WASHINGTON -- Two former U.S. ambassadors to Russia clashed over past and future assessments of relations between Washington and Moscow and which country bears the greater responsibility for deepening bilateral tensions.
Michael McFaul and Jack Matlock delivered their remarks at a June 14 hearing before the House Foreign Affairs Committee, where sharpened rhetoric from committee leaders reflected mounting antipathy toward the Russian government among many U.S. officials.
Both McFaul, who served as the U.S. envoy in Moscow from 2012-14, and Matlock, who served from 1987-91, seemed to agree that internal Russian politics were driving much of the Kremlin’s foreign policy in recent years.
“This is all about domestic politics in Russia, and in Ukraine, and very little to do with American foreign policy, either strong or weak,” McFaul testified.
“It’s a tragic moment in Russian relations,” he added. “I don’t celebrate this at all, but we have to have a patient, comprehensive policy for deterring Russian aggression, working with the government when it is in our interest and working with Russian society.”
Matlock, meanwhile, cautioned against U.S. policies that might be perceived as meddling in Russian internal affairs, something President Vladimir Putin has complained about repeatedly.
“Yes, President Putin has made many mistakes, many that are not in Russia’s interests. But Putin’s government is a matter for Russians to decide. Their scandals are a matter for them to deal with,” Matlock said.
The two diplomats disagreed when lawmakers asked about whether the West had provoked Russia in expanding NATO to former Soviet-bloc states like Poland and the Baltic nations or whether the military alliances should consider softening its commitments to allies.
Matlock said he did not support NATO expansion during his time as ambassador to Moscow, and he suggested NATO may sometimes be more of a liability to the United States. He also singled out the uncertain benefits that Turkey’s membership provides.
“Politics are driven by perceptions, and their perception is that we have been consistently moving against their interests, and trying to encircle them, and even trying to interfere in their internal politics,” he said.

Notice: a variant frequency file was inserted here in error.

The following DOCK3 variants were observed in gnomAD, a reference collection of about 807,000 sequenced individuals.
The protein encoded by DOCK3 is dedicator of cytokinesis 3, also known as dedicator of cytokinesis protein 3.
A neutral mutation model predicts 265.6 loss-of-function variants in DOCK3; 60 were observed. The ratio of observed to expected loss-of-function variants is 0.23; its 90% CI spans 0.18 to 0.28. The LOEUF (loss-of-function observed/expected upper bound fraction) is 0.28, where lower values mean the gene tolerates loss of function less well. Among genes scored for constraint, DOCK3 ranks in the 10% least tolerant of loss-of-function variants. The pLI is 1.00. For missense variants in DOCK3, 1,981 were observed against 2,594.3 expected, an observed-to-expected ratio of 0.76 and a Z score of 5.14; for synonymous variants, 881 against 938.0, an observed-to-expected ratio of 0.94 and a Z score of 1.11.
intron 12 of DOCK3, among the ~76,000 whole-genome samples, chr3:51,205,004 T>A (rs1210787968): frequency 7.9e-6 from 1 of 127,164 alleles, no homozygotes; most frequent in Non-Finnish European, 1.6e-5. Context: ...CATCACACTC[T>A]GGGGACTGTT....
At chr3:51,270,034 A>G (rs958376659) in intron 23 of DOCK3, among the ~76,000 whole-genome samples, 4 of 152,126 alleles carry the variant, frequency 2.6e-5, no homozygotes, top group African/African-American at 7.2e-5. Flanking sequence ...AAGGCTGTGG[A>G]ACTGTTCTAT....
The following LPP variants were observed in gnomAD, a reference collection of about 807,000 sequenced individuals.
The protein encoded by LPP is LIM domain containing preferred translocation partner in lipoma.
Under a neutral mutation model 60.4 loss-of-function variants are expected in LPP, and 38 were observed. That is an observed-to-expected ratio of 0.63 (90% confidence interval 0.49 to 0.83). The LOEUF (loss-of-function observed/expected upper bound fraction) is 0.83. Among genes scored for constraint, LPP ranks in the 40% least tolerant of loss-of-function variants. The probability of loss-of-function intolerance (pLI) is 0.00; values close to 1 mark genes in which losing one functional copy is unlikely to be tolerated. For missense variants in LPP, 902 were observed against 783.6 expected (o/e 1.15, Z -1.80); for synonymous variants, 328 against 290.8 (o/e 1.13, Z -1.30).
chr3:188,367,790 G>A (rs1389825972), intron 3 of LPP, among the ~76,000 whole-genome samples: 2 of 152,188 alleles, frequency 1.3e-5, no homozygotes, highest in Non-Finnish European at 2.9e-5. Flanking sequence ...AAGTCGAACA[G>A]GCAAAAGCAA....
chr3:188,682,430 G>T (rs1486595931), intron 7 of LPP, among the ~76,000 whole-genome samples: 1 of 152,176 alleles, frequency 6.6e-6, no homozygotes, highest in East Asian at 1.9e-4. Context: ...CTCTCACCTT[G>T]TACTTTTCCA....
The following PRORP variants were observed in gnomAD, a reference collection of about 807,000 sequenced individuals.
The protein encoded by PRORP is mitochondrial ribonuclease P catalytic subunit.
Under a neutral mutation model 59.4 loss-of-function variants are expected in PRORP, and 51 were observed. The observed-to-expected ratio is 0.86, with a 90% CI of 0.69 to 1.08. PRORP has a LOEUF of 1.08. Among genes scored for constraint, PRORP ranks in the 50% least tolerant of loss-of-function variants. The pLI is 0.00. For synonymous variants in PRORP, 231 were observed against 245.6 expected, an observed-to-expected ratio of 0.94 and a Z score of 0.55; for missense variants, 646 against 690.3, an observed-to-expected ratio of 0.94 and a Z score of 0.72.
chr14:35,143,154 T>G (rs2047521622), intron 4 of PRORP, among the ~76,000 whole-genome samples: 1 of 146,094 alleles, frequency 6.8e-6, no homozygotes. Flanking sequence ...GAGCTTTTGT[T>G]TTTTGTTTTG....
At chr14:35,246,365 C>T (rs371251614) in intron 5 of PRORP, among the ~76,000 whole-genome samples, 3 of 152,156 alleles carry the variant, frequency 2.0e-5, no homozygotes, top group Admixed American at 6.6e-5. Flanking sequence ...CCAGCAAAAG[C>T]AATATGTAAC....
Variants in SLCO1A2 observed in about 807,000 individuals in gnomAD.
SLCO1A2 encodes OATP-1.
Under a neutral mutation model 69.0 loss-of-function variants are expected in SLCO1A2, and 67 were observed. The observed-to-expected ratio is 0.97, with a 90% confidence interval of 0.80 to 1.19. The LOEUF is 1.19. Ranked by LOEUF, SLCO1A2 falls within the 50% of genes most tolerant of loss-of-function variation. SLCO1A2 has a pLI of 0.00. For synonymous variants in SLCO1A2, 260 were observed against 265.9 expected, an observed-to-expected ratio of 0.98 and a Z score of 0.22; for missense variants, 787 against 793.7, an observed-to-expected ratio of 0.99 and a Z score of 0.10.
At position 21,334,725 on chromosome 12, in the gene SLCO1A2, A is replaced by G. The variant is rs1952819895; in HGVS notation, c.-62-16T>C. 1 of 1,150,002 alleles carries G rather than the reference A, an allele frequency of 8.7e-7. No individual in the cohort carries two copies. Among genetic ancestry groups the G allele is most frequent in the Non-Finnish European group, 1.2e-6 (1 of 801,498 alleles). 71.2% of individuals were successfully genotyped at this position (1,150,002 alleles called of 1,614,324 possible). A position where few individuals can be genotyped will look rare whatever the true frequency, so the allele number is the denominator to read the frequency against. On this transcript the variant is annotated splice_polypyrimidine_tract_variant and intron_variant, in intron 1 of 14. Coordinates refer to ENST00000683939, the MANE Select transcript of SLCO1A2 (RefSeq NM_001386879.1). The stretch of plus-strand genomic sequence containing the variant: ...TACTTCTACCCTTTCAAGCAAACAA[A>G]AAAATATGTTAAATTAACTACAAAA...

McFaul, who also served on the White House’s National Security Council prior to his tenure in Moscow, said the alliance needed to stand firm because weakness would invite further Russian aggression.
He rejected assertions that the Kremlin’s military seizure and annexation of Ukraine’s Crimean Peninsula was a direct response to NATO expansion.
“It all is a post facto rationalization for what Putin did in Ukraine,” McFaul said.
“I want to radically reject this moral equivalency. That we’re somehow all to blame here and that it’s blame on America, blame on the United States,” he added.
McFaul said that if he had a “top 10 commandments about how to be a good multilateralist, a good international citizen,” one of the top three would be: “Thou shall not annex the territory of your neighbor.”
“I’m sorry. That’s what [Putin] did,” he said. “We didn’t annex any territory. We didn’t foment any revolution against him.”
Both Matlock and McFaul told the committee that Washington needs to continue helping Ukraine to become stable and prosperous, though Matlock also insisted that a prosperous Ukraine must have good relations with Russia. And he suggested that the West might someday have to acquiesce to Russia’s annexation of the Black Sea peninsula.
“Ukraine is better off without Crimea,” Matlock said.